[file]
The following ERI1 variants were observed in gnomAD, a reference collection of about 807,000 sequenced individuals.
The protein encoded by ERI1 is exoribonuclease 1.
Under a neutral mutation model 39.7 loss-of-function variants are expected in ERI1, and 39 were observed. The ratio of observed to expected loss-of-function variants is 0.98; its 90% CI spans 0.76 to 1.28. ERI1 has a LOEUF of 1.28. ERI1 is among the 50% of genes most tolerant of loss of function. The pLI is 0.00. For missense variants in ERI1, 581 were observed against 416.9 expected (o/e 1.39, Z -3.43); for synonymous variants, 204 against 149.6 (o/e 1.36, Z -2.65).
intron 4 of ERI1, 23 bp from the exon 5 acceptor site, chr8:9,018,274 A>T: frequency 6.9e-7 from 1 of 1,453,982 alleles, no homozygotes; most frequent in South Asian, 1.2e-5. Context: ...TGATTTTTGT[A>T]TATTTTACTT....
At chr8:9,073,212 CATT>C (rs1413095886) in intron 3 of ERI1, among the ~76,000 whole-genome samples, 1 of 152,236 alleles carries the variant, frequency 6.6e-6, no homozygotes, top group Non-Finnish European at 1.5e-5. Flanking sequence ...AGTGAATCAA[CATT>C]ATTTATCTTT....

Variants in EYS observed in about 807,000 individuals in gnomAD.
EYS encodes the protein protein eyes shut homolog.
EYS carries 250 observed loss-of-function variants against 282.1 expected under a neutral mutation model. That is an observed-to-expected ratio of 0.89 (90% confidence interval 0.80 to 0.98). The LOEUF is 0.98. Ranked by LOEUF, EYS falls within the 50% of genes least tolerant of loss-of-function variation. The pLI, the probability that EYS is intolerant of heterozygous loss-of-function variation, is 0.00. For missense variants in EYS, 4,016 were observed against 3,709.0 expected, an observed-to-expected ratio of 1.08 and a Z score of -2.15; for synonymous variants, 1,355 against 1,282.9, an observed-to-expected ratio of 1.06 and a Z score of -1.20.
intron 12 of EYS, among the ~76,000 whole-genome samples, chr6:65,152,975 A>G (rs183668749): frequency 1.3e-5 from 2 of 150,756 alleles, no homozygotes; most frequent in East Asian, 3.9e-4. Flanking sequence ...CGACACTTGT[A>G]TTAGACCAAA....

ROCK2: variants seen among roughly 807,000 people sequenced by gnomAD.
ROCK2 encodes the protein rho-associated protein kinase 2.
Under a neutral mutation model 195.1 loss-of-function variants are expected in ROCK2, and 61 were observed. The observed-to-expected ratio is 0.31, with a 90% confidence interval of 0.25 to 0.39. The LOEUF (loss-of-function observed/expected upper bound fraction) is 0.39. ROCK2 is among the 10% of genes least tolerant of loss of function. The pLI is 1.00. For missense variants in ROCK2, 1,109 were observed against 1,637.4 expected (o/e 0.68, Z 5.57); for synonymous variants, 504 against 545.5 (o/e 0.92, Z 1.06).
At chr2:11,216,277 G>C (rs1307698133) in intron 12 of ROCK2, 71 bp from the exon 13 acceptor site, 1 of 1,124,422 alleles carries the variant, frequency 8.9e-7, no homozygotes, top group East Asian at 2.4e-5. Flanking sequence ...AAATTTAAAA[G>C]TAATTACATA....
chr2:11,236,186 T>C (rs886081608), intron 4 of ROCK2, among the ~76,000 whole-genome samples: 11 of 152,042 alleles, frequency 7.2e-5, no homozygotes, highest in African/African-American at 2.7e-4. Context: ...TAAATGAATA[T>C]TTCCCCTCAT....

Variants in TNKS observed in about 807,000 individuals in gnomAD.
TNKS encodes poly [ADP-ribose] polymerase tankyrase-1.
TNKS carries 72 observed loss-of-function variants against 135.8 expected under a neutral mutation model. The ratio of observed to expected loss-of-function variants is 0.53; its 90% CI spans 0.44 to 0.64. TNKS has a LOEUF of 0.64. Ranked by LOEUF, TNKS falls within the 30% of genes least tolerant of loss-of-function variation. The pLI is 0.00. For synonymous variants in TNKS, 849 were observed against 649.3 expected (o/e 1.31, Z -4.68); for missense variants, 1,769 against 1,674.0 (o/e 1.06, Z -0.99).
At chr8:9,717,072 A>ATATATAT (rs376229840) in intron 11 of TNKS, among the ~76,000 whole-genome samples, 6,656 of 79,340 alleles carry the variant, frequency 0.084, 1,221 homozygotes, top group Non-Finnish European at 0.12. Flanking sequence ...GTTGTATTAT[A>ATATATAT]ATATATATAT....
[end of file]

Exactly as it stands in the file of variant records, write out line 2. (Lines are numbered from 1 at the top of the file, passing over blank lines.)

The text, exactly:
The protein encoded by ERI1 is exoribonuclease 1.